Friday, November 18, 2005

Sharman, Bill

After graduation from the University of Southern California, Los Angeles (1950), Sharman played minor-league baseball before beginning his basketball career. He first played basketball with the Washington Capitols (1950–51). In his

Sunday, October 16, 2005

Wednesday, July 27, 2005

Argentina, Settlement patterns

The varied topography, climate, and natural resources of Argentina shaped the pattern of European settlement. Although modern transportation and industry have partly effaced regional differences, the organization of life in both city and country still follows patterns that were set in early colonial times.

Monday, July 25, 2005

Faience Fine

Fine white English lead-glazed earthenware, or creamware, imported into France from about 1730 onward. Staffordshire “salt glaze” was imported first, followed by the improved Wedgwood “Queen's ware” and the Leeds “cream-coloured ware.” It was cheaper than French faience, or tin-glazed earthenware, and more durable and was therefore subjected to heavy tariffs in 1741 and 1749. A Franco-British

Saturday, July 23, 2005

Gabon, Demographic trends

Gabon, like its central African neighbours, has a very low population density. Since 1970, as a result of increased urbanization, the low rate of natural increase of the previous half-century appears to have given way to a relatively high growth rate. The extent to which the heavy immigration of foreign workers and Equatorial Guinean refugees has contributed to this growth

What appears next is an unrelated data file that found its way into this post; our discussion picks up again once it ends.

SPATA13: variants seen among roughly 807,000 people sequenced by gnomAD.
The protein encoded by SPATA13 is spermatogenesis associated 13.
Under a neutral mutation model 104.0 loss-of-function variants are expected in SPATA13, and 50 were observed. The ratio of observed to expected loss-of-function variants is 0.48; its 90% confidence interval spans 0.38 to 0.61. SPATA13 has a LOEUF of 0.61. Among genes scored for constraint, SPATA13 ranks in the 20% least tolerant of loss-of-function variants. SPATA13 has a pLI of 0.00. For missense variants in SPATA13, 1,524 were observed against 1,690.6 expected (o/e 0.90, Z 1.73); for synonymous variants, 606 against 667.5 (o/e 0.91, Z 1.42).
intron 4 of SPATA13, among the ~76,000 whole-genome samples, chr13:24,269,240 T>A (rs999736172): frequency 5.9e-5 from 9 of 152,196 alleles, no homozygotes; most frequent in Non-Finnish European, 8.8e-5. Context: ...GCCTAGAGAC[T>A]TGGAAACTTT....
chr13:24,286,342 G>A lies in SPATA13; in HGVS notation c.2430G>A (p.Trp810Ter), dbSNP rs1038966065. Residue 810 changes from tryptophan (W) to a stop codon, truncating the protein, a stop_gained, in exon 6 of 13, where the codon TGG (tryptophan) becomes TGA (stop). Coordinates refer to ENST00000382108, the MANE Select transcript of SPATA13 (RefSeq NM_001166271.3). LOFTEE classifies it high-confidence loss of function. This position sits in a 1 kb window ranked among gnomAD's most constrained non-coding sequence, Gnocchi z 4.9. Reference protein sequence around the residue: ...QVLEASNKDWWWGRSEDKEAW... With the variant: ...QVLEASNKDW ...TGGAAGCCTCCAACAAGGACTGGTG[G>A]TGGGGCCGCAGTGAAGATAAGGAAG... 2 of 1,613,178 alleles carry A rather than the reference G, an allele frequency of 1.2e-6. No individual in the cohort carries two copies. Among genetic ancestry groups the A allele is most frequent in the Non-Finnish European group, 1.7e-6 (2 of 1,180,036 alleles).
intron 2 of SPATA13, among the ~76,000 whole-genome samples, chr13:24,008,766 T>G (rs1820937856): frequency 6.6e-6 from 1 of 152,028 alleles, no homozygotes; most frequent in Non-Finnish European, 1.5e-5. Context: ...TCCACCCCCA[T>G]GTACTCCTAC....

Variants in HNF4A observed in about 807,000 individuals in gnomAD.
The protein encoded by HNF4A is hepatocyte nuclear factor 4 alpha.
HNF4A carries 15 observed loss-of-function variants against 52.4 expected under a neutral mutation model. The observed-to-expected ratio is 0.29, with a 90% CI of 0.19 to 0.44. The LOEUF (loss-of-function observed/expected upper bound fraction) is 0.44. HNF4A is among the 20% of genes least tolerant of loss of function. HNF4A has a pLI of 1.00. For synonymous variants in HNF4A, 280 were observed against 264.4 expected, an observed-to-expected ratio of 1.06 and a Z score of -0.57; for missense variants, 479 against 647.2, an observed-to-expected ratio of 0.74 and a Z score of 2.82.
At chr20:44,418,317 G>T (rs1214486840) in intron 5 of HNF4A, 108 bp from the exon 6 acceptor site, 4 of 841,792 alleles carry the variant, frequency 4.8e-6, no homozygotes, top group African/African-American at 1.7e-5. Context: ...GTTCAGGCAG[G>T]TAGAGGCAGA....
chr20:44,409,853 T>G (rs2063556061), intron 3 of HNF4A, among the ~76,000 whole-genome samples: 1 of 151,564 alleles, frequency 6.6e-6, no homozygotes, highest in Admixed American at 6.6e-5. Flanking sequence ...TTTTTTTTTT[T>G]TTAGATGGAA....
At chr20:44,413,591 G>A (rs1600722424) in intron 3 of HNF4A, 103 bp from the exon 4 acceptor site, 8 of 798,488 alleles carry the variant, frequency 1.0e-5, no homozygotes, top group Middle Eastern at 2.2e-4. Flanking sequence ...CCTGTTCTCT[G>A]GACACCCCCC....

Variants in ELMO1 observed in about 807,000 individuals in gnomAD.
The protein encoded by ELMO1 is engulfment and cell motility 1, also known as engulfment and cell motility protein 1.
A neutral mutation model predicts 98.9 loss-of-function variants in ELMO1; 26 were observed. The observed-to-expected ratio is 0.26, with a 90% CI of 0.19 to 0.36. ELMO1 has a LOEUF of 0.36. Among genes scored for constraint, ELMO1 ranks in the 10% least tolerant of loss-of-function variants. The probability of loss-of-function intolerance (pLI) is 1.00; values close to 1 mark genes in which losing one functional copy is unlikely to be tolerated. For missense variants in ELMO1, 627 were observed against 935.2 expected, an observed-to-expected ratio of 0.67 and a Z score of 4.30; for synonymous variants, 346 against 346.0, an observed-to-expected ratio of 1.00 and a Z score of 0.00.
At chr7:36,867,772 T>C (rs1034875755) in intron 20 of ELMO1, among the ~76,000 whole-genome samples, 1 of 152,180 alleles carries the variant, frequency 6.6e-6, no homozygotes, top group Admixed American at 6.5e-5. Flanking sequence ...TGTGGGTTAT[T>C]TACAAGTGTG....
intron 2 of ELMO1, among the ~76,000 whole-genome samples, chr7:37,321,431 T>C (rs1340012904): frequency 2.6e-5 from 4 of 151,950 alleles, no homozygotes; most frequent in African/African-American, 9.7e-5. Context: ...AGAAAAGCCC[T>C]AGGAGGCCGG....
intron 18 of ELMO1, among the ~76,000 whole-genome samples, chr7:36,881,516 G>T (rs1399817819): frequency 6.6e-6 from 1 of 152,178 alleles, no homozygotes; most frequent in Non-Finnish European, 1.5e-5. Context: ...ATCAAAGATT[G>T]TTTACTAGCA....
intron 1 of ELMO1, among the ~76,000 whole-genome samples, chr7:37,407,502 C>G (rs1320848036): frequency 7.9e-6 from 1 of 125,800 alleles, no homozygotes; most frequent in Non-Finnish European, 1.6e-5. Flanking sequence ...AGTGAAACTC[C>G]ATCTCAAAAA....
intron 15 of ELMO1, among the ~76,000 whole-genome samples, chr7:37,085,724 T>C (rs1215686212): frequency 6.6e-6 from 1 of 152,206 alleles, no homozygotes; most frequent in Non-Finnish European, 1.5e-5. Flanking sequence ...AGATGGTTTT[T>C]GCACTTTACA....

Wednesday, July 06, 2005

Early, Jubal A(nderson)

Confederate general in the American Civil War (1861–65) whose army at one time threatened Washington, D.C., but whose series of defeats during the Shenandoah Valley campaigns of late 1864 and early 1865 led to the final collapse of the South. A West Point graduate, Early served in the Second Seminole War in Florida (1835–42) and the Mexican War (1846–48). In the period

Wednesday, June 29, 2005

Dead Sea

Arabic  Al-Bahr al-Mayyit , Hebrew  Yam HaMelah , also known as  Salt Sea  landlocked salt lake between Israel and Jordan, which lies some 1,300 feet (400 metres) below sea level—the lowest elevation and the lowest body of water on the surface of the Earth. Its eastern shore belongs to Jordan, and the southern half of its western shore belongs to Israel. The northern half of the western shore lies within the Palestinian West Bank and has been under Israeli